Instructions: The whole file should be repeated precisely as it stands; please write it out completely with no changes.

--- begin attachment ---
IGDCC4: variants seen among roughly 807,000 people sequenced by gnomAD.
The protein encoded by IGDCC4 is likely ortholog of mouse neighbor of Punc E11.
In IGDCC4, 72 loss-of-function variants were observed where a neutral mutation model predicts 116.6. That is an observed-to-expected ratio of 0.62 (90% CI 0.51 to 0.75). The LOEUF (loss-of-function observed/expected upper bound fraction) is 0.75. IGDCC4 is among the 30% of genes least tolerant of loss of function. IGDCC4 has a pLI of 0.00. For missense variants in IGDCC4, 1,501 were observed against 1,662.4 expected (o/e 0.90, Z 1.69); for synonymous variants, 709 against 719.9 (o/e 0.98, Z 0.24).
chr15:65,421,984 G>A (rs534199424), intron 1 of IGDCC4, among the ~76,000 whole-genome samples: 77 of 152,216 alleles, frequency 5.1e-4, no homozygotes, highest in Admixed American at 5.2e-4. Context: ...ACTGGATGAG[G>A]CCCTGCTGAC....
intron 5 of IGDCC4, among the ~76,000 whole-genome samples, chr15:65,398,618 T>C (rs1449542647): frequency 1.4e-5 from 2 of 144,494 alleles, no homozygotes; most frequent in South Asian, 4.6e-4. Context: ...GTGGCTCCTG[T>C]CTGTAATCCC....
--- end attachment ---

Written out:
IGDCC4: variants seen among roughly 807,000 people sequenced by gnomAD.
The protein encoded by IGDCC4 is likely ortholog of mouse neighbor of Punc E11.
In IGDCC4, 72 loss-of-function variants were observed where a neutral mutation model predicts 116.6. That is an observed-to-expected ratio of 0.62 (90% CI 0.51 to 0.75). The LOEUF (loss-of-function observed/expected upper bound fraction) is 0.75. IGDCC4 is among the 30% of genes least tolerant of loss of function. IGDCC4 has a pLI of 0.00. For missense variants in IGDCC4, 1,501 were observed against 1,662.4 expected (o/e 0.90, Z 1.69); for synonymous variants, 709 against 719.9 (o/e 0.98, Z 0.24).
chr15:65,421,984 G>A (rs534199424), intron 1 of IGDCC4, among the ~76,000 whole-genome samples: 77 of 152,216 alleles, frequency 5.1e-4, no homozygotes, highest in Admixed American at 5.2e-4. Context: ...ACTGGATGAG[G>A]CCCTGCTGAC....
intron 5 of IGDCC4, among the ~76,000 whole-genome samples, chr15:65,398,618 T>C (rs1449542647): frequency 1.4e-5 from 2 of 144,494 alleles, no homozygotes; most frequent in South Asian, 4.6e-4. Context: ...GTGGCTCCTG[T>C]CTGTAATCCC....